Tyson Chandler has come a long way. Originally drafted by the Bulls in 2001, Chandler came directly out of high school and was teamed with Eddy Curry, another big man coming straight out of high school.
The Bulls thought they had locked down a couple of can’t miss future studs for years to come. But the Bulls didn’t develop either player properly and if anything stunted both players development, or in Curry’s situation, never developed at all. For Chandler, it’s like they never knew what they wanted out of him and when they did, they would ultimately change course again. Initially they didn’t want him to be a scorer, but more of any energy type player in a rough post-Rodman era. Then they wanted him to score. Then, he got hurt, was branded a “tweener” and got shipped out of town.
But how did they really expect him to develop at all? Until he left Chicago he never got any consistent minutes. In five years as a Bull, he only averaged 24.1 minutes per game. Chandler was in foul trouble a lot during his time in Chicago, like a kid with so much energy in his body he didn’t know what to do with it because he never had any consistent coaching. He was at a complete disadvantage considering he had three different full time coaches during his tenure in Chicago (Tim Floyd (ouch), Bill Cartwright, Scott Skiles) and two additional interim coaches (Bill Berry and Pete Myers). The Bulls organization was in a state of upheaval after winning six titles in eight years and really had no direction as a whole. And as a result, the early part of Chandler’s career was marred by inconsistency.
The best thing that ever happened to Chandler was getting traded out of Chicago which happened in 2006. The next year playing for the New Orleans Hornets, he had the best numbers of his career and shook the “Bust” label a term which is usually only reserved for NFL players that don’t pan out. He played the highest minutes of his career (34.6) and not surprisingly his numbers across the board increased; he averaged 9.5 ppg, 12.4 rpg, 1.8 bpg, all career highs as well. The following year Chandler averaged a double-double for the first time in his career (11.8 ppg, 11.7 rpg) and led the league in offensive rebounding as the Hornets won the Southwest Division for the first time ever, won a series but eventually lost a tough seven game series to the Spurs in the Western Conference Semifinals. In three years as a Hornet, Chandler averaged 10.2 ppg, 11.3 rpg and 1.4 bpg and erased the memory of his struggles in Chicago for most NBA fans.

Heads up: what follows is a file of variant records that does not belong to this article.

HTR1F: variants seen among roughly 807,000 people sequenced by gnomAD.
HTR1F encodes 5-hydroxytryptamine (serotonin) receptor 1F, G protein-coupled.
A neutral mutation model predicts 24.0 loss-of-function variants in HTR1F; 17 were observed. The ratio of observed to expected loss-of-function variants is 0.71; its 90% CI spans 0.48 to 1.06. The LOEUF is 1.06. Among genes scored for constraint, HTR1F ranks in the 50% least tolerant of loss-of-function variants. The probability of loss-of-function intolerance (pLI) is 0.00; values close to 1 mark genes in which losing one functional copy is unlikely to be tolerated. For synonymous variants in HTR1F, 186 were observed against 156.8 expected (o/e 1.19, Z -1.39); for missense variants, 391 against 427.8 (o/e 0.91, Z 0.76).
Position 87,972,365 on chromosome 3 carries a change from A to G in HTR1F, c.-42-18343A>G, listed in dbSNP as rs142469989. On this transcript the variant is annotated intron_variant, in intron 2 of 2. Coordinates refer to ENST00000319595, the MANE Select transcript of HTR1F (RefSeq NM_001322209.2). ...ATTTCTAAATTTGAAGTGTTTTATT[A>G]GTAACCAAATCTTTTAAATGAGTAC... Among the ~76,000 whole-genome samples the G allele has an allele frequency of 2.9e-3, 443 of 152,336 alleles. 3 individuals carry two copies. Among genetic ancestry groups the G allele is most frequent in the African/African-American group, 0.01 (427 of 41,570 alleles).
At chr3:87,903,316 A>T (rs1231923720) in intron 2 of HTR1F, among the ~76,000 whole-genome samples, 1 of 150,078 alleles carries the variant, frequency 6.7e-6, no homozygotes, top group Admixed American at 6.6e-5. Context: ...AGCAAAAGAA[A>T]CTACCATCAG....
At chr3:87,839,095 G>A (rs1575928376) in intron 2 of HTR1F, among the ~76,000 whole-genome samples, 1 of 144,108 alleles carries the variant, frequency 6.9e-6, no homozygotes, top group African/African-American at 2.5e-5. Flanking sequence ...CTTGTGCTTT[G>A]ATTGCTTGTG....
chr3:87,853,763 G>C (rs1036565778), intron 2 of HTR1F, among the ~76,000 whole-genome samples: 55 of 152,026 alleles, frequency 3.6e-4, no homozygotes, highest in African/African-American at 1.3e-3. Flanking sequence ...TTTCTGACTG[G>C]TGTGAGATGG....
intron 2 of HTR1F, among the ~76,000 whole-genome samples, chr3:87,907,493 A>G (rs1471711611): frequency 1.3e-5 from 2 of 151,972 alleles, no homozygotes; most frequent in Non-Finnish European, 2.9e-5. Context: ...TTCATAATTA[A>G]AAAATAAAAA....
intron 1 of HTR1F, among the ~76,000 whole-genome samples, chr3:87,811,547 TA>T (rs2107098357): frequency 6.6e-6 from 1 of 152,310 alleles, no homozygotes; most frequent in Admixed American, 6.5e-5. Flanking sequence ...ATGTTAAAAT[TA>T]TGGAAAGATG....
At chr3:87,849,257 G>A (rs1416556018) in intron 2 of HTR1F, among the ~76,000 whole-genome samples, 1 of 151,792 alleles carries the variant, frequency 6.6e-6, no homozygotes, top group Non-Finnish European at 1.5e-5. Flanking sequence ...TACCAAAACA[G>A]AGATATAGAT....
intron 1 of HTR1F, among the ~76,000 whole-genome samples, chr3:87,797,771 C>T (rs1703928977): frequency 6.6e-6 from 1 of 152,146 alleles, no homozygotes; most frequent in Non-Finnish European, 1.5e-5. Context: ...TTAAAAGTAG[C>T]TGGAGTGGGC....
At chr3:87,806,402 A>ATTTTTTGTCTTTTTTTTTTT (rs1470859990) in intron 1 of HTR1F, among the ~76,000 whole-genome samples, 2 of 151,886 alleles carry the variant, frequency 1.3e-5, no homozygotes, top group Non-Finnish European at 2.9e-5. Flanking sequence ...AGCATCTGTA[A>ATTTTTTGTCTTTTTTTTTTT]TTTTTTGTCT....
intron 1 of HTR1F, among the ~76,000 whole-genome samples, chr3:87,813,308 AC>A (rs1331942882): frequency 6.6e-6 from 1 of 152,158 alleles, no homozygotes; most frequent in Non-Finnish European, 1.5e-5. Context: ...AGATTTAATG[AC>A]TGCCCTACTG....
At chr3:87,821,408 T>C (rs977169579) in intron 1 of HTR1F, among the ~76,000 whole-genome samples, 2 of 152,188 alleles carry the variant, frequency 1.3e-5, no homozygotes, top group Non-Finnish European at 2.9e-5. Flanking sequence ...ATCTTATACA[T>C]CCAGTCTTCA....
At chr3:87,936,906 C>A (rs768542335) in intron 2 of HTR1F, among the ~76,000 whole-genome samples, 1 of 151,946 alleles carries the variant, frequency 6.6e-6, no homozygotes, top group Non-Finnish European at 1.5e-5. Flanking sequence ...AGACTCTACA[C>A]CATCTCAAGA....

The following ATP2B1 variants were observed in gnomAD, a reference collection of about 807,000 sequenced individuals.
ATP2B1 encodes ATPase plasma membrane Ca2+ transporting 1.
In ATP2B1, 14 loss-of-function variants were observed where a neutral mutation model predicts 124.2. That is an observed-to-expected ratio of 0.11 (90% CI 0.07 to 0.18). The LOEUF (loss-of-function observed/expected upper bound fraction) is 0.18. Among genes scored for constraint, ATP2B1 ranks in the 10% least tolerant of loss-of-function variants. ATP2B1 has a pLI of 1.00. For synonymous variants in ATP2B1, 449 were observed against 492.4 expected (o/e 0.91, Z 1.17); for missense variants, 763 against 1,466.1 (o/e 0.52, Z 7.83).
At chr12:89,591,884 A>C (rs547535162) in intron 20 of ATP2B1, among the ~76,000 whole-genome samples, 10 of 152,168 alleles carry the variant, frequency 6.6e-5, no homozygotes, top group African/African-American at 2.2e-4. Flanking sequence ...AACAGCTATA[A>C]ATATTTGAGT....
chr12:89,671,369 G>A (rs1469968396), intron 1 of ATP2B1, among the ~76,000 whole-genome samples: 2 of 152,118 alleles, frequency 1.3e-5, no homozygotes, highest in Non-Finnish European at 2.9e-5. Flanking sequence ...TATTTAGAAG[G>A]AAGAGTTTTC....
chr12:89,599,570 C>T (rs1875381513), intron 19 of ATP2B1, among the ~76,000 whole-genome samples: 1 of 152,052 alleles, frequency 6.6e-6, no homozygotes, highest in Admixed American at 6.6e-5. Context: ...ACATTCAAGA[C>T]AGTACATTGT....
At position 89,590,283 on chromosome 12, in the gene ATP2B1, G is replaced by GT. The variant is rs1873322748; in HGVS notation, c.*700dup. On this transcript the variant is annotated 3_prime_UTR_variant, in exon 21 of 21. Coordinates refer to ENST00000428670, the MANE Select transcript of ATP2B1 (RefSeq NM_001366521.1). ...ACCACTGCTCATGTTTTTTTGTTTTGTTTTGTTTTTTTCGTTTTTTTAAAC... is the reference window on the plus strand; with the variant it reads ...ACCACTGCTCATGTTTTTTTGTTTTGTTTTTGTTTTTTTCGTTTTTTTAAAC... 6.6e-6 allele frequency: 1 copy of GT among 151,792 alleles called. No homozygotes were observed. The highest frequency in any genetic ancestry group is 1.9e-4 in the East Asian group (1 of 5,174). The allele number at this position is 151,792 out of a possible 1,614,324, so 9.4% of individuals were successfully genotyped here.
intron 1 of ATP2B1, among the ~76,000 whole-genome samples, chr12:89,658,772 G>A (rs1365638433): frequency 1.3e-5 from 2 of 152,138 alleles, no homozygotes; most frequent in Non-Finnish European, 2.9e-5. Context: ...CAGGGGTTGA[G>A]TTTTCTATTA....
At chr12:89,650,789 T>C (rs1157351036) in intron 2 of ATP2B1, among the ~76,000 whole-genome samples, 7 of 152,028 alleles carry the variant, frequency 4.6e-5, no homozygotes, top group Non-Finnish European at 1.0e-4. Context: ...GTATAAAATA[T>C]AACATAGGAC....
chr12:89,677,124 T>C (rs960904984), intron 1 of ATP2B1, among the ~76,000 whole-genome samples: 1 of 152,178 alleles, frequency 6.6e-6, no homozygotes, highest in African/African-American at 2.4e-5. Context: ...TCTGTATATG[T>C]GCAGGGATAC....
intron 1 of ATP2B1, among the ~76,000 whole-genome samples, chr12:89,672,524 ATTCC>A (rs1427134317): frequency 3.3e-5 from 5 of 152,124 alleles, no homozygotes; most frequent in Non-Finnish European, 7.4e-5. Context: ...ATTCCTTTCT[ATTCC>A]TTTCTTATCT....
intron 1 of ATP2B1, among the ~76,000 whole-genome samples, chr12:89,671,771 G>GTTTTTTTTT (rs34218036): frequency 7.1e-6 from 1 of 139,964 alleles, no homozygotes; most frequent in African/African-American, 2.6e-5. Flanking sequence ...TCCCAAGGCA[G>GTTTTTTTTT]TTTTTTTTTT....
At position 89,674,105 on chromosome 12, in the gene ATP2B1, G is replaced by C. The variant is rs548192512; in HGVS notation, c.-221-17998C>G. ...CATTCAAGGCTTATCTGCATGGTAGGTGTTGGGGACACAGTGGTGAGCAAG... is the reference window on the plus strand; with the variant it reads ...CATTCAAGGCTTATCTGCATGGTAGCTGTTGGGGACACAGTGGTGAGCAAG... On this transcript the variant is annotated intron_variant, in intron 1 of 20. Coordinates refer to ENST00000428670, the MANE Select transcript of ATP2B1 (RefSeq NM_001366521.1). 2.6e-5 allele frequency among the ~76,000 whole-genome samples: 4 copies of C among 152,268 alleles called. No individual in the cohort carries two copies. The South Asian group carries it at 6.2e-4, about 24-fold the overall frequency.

After spending a year in Charlotte, Chandler was traded to the Mavericks prior to the 2011 season and was exactly what the team needed to put them over the top as a championship squad. Statistically he had a decent Finals (9.6 ppg, 8.8 rpg, 1.1 bpg), great by his standards in Chicago, but what he really gave the Mavs in the Finals can’t be quantified by numbers. How many rebounds did he tap out at the end of games to prolong offensive possessions? How many shots did he alter to the point where they were essentially blocked? The Heat had no answer for his length and athleticism defensively and that’s where Chandler made his mark at critical moments during the NBA Finals.
It took 10 years, but Chandler developed into what the Bulls envisioned; even if they didn’t know how to get him there.